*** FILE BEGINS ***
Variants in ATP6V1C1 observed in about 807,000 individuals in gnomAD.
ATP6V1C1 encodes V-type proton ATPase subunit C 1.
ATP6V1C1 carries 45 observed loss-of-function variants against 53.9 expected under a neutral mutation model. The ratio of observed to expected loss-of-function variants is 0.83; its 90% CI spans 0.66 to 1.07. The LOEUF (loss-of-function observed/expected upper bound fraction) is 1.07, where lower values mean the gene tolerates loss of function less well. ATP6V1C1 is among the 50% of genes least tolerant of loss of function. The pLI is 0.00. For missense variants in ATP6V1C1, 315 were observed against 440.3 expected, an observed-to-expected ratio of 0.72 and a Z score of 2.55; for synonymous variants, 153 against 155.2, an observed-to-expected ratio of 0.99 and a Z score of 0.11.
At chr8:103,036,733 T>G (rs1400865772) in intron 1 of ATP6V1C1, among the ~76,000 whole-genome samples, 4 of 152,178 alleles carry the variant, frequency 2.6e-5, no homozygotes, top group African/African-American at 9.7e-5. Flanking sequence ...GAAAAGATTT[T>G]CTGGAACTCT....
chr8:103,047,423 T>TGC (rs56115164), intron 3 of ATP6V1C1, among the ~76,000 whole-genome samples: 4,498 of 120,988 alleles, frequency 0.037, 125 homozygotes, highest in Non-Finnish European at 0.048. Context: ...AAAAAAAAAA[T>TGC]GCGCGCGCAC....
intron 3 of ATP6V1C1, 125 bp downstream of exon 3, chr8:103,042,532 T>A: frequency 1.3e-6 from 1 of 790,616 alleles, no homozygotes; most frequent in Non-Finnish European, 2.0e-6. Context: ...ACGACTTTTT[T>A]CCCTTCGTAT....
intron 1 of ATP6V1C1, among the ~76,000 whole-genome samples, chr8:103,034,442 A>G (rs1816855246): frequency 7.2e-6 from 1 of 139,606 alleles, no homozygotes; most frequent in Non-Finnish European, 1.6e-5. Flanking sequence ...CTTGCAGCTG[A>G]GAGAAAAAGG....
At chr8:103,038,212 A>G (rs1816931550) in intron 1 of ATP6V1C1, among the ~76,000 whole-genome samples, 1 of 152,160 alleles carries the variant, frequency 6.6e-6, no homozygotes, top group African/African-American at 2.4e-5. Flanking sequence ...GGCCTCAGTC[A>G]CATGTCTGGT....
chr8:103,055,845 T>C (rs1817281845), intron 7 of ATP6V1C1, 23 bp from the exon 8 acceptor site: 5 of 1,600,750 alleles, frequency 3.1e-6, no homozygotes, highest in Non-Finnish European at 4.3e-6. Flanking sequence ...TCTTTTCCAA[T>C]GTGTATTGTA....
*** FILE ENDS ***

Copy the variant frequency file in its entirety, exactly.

Variants in ATP6V1C1 observed in about 807,000 individuals in gnomAD.
ATP6V1C1 encodes V-type proton ATPase subunit C 1.
ATP6V1C1 carries 45 observed loss-of-function variants against 53.9 expected under a neutral mutation model. The ratio of observed to expected loss-of-function variants is 0.83; its 90% CI spans 0.66 to 1.07. The LOEUF (loss-of-function observed/expected upper bound fraction) is 1.07, where lower values mean the gene tolerates loss of function less well. ATP6V1C1 is among the 50% of genes least tolerant of loss of function. The pLI is 0.00. For missense variants in ATP6V1C1, 315 were observed against 440.3 expected, an observed-to-expected ratio of 0.72 and a Z score of 2.55; for synonymous variants, 153 against 155.2, an observed-to-expected ratio of 0.99 and a Z score of 0.11.
At chr8:103,036,733 T>G (rs1400865772) in intron 1 of ATP6V1C1, among the ~76,000 whole-genome samples, 4 of 152,178 alleles carry the variant, frequency 2.6e-5, no homozygotes, top group African/African-American at 9.7e-5. Flanking sequence ...GAAAAGATTT[T>G]CTGGAACTCT....
chr8:103,047,423 T>TGC (rs56115164), intron 3 of ATP6V1C1, among the ~76,000 whole-genome samples: 4,498 of 120,988 alleles, frequency 0.037, 125 homozygotes, highest in Non-Finnish European at 0.048. Context: ...AAAAAAAAAA[T>TGC]GCGCGCGCAC....
intron 3 of ATP6V1C1, 125 bp downstream of exon 3, chr8:103,042,532 T>A: frequency 1.3e-6 from 1 of 790,616 alleles, no homozygotes; most frequent in Non-Finnish European, 2.0e-6. Context: ...ACGACTTTTT[T>A]CCCTTCGTAT....
intron 1 of ATP6V1C1, among the ~76,000 whole-genome samples, chr8:103,034,442 A>G (rs1816855246): frequency 7.2e-6 from 1 of 139,606 alleles, no homozygotes; most frequent in Non-Finnish European, 1.6e-5. Flanking sequence ...CTTGCAGCTG[A>G]GAGAAAAAGG....
At chr8:103,038,212 A>G (rs1816931550) in intron 1 of ATP6V1C1, among the ~76,000 whole-genome samples, 1 of 152,160 alleles carries the variant, frequency 6.6e-6, no homozygotes, top group African/African-American at 2.4e-5. Flanking sequence ...GGCCTCAGTC[A>G]CATGTCTGGT....
chr8:103,055,845 T>C (rs1817281845), intron 7 of ATP6V1C1, 23 bp from the exon 8 acceptor site: 5 of 1,600,750 alleles, frequency 3.1e-6, no homozygotes, highest in Non-Finnish European at 4.3e-6. Flanking sequence ...TCTTTTCCAA[T>C]GTGTATTGTA....